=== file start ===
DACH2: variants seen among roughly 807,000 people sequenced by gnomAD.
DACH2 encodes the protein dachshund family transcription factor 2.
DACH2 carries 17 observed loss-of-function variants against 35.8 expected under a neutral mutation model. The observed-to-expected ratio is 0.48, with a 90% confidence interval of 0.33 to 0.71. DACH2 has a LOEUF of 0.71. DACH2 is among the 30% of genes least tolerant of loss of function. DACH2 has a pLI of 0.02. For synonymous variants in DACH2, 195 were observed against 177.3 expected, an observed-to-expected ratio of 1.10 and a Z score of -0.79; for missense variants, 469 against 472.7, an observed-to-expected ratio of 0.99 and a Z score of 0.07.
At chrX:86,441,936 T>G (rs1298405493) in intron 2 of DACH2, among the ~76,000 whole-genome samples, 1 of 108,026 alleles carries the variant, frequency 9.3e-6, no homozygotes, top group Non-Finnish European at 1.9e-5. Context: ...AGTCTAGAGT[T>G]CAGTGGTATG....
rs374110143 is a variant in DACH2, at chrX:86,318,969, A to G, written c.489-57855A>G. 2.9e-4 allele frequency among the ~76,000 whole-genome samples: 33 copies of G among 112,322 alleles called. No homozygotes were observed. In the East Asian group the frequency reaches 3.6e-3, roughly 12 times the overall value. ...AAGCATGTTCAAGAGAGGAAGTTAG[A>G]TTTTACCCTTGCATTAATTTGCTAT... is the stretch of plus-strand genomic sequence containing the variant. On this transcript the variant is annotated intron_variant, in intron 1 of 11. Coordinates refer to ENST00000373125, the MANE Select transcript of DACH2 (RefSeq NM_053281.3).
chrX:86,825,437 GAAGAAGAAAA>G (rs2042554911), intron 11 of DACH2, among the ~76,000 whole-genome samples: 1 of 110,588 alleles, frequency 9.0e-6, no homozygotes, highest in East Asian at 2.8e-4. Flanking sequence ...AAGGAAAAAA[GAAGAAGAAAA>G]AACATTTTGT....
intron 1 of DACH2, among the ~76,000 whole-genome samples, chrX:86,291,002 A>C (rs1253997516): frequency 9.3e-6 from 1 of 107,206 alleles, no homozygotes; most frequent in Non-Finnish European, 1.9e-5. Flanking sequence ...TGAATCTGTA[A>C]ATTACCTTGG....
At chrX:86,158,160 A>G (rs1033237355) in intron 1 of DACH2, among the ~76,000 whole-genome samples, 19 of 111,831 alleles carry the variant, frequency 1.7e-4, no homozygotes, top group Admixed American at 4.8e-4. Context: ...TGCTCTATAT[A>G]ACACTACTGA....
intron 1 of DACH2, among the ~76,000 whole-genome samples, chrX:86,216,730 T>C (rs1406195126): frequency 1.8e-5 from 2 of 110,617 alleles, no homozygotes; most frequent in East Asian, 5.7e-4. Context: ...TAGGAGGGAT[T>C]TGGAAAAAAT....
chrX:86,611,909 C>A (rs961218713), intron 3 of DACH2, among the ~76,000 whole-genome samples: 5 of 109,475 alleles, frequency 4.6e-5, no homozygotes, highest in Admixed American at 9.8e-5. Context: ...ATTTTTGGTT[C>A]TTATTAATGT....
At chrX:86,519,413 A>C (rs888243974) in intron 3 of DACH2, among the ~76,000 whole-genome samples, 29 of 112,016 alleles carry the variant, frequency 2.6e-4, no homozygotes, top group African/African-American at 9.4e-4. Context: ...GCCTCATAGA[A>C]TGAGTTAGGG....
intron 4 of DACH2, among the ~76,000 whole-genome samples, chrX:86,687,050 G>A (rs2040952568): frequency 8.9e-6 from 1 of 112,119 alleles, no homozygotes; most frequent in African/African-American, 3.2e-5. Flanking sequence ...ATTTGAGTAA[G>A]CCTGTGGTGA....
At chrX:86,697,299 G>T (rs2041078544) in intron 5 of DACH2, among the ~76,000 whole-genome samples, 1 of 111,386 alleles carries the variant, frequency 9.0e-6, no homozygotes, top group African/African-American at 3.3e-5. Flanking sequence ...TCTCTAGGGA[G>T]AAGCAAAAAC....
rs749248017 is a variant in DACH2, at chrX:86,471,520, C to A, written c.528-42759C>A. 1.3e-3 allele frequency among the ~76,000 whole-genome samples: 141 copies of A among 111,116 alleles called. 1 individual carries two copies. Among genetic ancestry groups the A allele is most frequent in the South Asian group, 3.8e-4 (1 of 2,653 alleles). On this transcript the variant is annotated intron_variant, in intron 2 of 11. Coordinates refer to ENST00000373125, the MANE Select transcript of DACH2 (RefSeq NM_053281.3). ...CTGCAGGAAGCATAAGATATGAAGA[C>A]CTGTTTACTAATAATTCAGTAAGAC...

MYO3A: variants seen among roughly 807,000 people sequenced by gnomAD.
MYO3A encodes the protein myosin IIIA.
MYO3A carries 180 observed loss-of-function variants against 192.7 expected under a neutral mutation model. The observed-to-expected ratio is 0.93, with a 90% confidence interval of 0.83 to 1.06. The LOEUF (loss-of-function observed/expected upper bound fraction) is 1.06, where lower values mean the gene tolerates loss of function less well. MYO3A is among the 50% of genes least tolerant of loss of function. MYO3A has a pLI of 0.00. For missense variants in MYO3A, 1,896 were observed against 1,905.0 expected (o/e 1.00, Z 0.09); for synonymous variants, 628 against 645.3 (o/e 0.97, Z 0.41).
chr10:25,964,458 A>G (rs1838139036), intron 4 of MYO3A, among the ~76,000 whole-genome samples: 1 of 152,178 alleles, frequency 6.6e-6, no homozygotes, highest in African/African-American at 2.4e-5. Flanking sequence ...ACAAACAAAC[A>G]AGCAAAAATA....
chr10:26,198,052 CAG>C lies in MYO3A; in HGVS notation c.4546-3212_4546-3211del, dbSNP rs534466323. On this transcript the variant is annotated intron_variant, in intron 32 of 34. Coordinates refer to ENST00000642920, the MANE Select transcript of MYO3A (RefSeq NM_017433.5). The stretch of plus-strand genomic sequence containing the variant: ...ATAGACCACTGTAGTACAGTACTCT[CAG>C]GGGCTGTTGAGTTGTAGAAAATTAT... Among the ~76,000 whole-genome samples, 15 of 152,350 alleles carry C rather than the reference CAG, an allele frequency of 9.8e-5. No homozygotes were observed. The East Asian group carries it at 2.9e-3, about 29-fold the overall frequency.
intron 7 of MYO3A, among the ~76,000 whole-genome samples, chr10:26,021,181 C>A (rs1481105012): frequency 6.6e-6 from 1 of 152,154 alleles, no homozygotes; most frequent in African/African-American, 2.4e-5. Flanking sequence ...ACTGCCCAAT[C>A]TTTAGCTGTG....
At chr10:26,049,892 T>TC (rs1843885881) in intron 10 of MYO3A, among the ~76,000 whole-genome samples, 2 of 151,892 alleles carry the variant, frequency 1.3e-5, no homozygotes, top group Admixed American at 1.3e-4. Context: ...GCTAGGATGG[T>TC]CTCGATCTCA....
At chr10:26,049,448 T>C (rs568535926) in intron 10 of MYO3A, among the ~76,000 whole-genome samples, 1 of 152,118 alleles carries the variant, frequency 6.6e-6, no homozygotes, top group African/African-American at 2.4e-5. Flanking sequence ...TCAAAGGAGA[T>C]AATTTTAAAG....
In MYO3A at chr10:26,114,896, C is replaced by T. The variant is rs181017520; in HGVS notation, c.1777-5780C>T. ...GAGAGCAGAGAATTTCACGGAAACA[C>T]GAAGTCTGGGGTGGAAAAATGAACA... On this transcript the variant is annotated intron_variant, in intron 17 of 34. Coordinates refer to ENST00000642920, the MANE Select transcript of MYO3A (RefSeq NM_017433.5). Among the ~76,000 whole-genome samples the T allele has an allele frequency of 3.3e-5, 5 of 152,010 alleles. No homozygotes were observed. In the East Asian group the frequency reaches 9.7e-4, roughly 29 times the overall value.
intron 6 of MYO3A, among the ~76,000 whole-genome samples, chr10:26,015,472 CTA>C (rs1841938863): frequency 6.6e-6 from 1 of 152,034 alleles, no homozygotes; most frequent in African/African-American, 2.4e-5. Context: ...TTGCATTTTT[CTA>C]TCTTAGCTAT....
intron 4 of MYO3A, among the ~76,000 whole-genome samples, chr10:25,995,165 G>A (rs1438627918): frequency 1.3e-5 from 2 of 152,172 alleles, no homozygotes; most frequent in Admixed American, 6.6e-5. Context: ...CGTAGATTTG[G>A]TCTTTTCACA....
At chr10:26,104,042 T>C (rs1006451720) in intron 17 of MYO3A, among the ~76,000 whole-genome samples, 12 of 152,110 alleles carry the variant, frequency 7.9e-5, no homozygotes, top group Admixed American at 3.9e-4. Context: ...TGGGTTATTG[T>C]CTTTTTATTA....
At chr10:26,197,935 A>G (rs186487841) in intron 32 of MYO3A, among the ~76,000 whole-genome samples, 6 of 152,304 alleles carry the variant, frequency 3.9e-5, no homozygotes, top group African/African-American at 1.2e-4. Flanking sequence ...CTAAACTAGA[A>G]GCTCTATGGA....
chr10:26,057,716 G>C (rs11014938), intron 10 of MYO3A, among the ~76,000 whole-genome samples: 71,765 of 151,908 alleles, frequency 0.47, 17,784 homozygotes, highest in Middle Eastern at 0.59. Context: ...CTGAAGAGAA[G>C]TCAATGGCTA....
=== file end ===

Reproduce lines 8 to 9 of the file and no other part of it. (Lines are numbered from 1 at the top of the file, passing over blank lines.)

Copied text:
At chrX:86,158,160 A>G (rs1033237355) in intron 1 of DACH2, among the ~76,000 whole-genome samples, 19 of 111,831 alleles carry the variant, frequency 1.7e-4, no homozygotes, top group Admixed American at 4.8e-4. Context: ...TGCTCTATAT[A>G]ACACTACTGA....
intron 1 of DACH2, among the ~76,000 whole-genome samples, chrX:86,216,730 T>C (rs1406195126): frequency 1.8e-5 from 2 of 110,617 alleles, no homozygotes; most frequent in East Asian, 5.7e-4. Context: ...TAGGAGGGAT[T>C]TGGAAAAAAT....